In the meantime they are quite prepared to put themselves about in order to reach a wider audience than just local pubs and clubs which do pay.
I am not saying this is suited to everybody, just out take on our particular feelings on the subject.
Big John Studd
April 27th, 2012, 11:08 AM
Just as a point of reference for you, here are two festivals (one paid, one not paid) I am doing with a blues/classic rock cover band this summer.
The band (six of us) is getting $500 or $600 for this one...I can't remember exactly.
This one the bands do for free with all proceeds going to a children's hospital. They have pro sound and the backline (drums, amps, etc.) all set up. They also have a pro film company shoot the whole thing in HD and give you a DVD.
I know some people will say don't ever ever do a gig for free, but for me personally festivals can be fun to do even if they're free. Most of the time everything is all set up and you just walk on stage and play. A photo/video of the band on the stage at the Cherry Blossom Festival (or whatever) is great to have on the website. And my little kids (who can't come to bar gigs) love to see me play...they are still small enough to think it is cool that Dad is in a band :)
Some of the comments left previously sound like they come from experience and are really good advice. I've done about ten of these types of gigs I guess, and one thing I would add is write your name on EVERYTHING you don't want to lose...tuner, capo, cables, EVERYTHING. I've even gone as far as making myself a checklist of what I'm bringing in so I can check it again when I'm leaving.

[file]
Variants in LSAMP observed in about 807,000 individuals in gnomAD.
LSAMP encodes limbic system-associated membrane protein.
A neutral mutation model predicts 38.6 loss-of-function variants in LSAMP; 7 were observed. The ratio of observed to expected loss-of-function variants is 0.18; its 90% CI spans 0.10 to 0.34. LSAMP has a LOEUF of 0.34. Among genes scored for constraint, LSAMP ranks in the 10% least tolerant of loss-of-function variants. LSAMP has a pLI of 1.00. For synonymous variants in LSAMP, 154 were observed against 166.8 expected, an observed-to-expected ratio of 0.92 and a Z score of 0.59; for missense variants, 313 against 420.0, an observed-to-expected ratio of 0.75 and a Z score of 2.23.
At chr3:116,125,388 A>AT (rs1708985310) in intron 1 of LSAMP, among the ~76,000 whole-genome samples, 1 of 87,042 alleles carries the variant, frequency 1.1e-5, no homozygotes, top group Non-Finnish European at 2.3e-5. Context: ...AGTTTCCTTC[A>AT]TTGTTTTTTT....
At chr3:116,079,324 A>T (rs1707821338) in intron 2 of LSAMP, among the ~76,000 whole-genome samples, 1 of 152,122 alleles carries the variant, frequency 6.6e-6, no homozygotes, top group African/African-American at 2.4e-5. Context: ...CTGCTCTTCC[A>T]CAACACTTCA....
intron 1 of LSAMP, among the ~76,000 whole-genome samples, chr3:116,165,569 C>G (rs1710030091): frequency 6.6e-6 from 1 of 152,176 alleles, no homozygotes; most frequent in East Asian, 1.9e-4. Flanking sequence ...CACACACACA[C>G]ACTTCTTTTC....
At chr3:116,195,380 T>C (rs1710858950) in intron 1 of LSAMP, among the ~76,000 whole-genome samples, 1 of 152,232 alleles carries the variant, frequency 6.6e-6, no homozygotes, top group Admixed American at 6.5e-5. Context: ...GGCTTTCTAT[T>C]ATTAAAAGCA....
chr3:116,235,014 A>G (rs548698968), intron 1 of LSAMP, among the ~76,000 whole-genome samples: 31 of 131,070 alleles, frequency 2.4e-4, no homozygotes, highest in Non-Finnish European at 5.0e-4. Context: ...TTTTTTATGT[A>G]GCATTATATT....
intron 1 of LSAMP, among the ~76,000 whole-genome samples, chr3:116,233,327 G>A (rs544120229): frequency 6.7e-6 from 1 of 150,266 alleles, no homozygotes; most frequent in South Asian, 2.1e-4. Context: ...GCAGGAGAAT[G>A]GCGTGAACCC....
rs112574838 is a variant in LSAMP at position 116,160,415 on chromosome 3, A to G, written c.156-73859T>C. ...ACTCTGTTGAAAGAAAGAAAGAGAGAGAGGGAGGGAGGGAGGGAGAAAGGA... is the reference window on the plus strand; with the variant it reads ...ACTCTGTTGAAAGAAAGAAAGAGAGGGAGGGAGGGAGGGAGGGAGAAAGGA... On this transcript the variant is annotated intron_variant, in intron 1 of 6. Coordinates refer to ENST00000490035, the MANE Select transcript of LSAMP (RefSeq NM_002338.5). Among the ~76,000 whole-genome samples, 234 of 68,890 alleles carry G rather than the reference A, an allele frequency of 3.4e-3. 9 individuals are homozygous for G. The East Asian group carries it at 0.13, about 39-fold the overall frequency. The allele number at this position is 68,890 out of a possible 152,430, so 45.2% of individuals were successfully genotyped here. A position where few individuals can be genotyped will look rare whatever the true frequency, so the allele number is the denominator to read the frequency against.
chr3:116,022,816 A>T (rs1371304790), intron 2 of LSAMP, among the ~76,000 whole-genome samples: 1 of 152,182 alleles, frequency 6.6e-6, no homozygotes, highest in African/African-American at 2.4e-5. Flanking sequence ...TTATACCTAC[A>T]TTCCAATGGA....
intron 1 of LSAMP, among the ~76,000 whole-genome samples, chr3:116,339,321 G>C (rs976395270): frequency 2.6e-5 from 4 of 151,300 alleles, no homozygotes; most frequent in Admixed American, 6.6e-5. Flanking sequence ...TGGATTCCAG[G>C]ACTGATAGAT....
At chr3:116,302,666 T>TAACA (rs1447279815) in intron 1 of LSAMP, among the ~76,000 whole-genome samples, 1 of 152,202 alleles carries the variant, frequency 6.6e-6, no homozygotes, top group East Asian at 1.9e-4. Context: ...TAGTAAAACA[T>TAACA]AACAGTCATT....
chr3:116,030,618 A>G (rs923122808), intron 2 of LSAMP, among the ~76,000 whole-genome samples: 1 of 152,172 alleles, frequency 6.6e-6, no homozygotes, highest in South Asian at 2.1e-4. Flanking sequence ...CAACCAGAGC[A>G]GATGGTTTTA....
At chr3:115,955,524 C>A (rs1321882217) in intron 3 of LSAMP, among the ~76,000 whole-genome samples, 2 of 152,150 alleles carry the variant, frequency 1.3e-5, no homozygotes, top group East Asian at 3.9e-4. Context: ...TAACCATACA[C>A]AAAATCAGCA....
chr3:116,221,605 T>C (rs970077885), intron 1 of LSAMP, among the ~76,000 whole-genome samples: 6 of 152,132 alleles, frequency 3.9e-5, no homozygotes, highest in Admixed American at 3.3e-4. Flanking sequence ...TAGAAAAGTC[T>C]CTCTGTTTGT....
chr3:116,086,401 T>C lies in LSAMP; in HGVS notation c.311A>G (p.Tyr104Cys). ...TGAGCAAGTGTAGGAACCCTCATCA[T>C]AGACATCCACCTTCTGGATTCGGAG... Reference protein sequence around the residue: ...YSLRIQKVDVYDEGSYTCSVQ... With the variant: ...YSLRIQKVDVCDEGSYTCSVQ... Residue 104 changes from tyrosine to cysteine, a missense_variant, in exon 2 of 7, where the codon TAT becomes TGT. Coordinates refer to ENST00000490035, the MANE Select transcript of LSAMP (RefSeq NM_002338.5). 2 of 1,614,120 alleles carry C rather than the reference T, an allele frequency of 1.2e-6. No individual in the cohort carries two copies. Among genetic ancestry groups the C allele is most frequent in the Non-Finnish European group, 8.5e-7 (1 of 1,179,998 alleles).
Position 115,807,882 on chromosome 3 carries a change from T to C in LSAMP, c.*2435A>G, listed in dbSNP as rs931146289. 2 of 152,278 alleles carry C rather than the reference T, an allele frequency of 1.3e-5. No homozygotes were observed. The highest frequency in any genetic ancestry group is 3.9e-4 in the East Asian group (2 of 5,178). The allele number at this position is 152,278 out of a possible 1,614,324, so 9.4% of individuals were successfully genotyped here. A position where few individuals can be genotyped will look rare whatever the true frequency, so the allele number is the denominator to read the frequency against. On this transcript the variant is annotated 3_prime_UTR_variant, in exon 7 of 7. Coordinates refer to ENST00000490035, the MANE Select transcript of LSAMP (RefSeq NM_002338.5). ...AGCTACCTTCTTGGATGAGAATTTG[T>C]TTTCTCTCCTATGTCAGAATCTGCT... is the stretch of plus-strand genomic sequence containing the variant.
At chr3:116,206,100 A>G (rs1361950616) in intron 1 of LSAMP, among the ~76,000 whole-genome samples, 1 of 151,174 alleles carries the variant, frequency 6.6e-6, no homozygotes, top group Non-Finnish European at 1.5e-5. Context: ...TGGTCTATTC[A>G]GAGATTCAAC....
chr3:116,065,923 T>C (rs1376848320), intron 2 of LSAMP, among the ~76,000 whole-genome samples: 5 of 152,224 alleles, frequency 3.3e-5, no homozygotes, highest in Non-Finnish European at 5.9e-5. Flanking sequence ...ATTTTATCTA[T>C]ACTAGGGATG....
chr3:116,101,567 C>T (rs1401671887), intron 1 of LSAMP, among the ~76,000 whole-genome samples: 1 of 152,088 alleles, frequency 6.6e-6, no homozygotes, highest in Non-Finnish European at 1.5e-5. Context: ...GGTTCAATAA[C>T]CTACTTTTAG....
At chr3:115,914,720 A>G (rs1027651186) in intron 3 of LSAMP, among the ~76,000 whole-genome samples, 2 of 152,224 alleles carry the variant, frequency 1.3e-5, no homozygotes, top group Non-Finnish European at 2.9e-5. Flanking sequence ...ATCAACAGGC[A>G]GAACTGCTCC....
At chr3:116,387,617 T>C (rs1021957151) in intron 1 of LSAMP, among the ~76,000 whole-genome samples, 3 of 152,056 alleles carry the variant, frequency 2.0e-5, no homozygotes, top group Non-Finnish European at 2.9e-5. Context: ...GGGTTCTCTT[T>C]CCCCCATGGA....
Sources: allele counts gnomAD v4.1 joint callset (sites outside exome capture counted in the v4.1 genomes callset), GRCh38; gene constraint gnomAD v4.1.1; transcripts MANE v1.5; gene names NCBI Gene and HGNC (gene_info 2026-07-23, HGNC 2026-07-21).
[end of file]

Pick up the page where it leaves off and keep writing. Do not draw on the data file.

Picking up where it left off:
April 27th, 2012, 12:18 PM
Big John Studd which band are you in?
April 27th, 2012, 12:27 PM
Vincent gives a lot of good advice. We play a lot of festivals and I can't think of one that was unpaid. Also, being quick to set up and tear down is greatly appreciated. We did on festival where the guitar player for the band before us took off and got a drink and went to chat with people before moving his stuff out of the way. Kind of irritating...
Big John Studd -- Benefits are a different story. We'll do benefits for free and enjoy them. Lots of times, benefits are much looser and informal than other gigs and can be a lot of fun. In addition, of course, to raising money for good causes.
April 27th, 2012, 01:34 PM
I think it goes without saying that benefits and charity functions are 'another story'. And I've never met anyone who doesn't do those at least once or even twice a year.
*Just an observation from the states (that may not apply elsewhere - ?) ...
Here, even new/young bands at festivals, get paid at least something (fests are one the scant few paying gigs in the states for original music). IMO you start off doing those for free and you'll pretty much continue doing those for free because hey, you did it for free before. You have to very soberly assess your ability, your draw, your long term appeal, etc if you're gonna start asking for money after you've been playing for free for maybe a year or more. Just sayin'.
Big John Studd
April 27th, 2012, 03:51 PM
Big John Studd which band are you in?
The Crimestoppas...in this case anyway. Also in two other bands, plus solo stuff, ad hoc duos, etc. Mostly just your garden variety cover bands...ie. I'm not a pro picker.
April 27th, 2012, 04:24 PM
Did a gig at a 2000 person Festival this weekend. Only about 30 people at any stage ( 4 of them) at any one time. We got $400 and drove 4 hours one way to do it.
This weekend at a dive bar and getting $100.